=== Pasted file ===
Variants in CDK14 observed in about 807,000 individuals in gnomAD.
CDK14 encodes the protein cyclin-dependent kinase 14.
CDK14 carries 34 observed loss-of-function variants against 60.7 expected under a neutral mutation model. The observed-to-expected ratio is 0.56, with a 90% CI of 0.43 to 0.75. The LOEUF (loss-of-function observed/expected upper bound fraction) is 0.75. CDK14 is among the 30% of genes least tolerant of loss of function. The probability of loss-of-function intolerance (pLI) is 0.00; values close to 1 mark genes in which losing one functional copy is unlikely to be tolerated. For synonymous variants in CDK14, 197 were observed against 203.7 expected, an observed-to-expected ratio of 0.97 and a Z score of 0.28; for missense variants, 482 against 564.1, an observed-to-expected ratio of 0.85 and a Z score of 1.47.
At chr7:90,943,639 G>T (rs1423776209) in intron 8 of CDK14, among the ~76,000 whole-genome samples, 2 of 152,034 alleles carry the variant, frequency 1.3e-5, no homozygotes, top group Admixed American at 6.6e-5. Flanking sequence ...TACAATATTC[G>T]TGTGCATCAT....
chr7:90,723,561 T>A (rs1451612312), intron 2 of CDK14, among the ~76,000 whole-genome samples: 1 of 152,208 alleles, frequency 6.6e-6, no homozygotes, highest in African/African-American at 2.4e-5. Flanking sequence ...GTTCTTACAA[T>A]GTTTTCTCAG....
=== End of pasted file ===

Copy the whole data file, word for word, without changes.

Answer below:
Variants in CDK14 observed in about 807,000 individuals in gnomAD.
CDK14 encodes the protein cyclin-dependent kinase 14.
CDK14 carries 34 observed loss-of-function variants against 60.7 expected under a neutral mutation model. The observed-to-expected ratio is 0.56, with a 90% CI of 0.43 to 0.75. The LOEUF (loss-of-function observed/expected upper bound fraction) is 0.75. CDK14 is among the 30% of genes least tolerant of loss of function. The probability of loss-of-function intolerance (pLI) is 0.00; values close to 1 mark genes in which losing one functional copy is unlikely to be tolerated. For synonymous variants in CDK14, 197 were observed against 203.7 expected, an observed-to-expected ratio of 0.97 and a Z score of 0.28; for missense variants, 482 against 564.1, an observed-to-expected ratio of 0.85 and a Z score of 1.47.
At chr7:90,943,639 G>T (rs1423776209) in intron 8 of CDK14, among the ~76,000 whole-genome samples, 2 of 152,034 alleles carry the variant, frequency 1.3e-5, no homozygotes, top group Admixed American at 6.6e-5. Flanking sequence ...TACAATATTC[G>T]TGTGCATCAT....
chr7:90,723,561 T>A (rs1451612312), intron 2 of CDK14, among the ~76,000 whole-genome samples: 1 of 152,208 alleles, frequency 6.6e-6, no homozygotes, highest in African/African-American at 2.4e-5. Flanking sequence ...GTTCTTACAA[T>A]GTTTTCTCAG....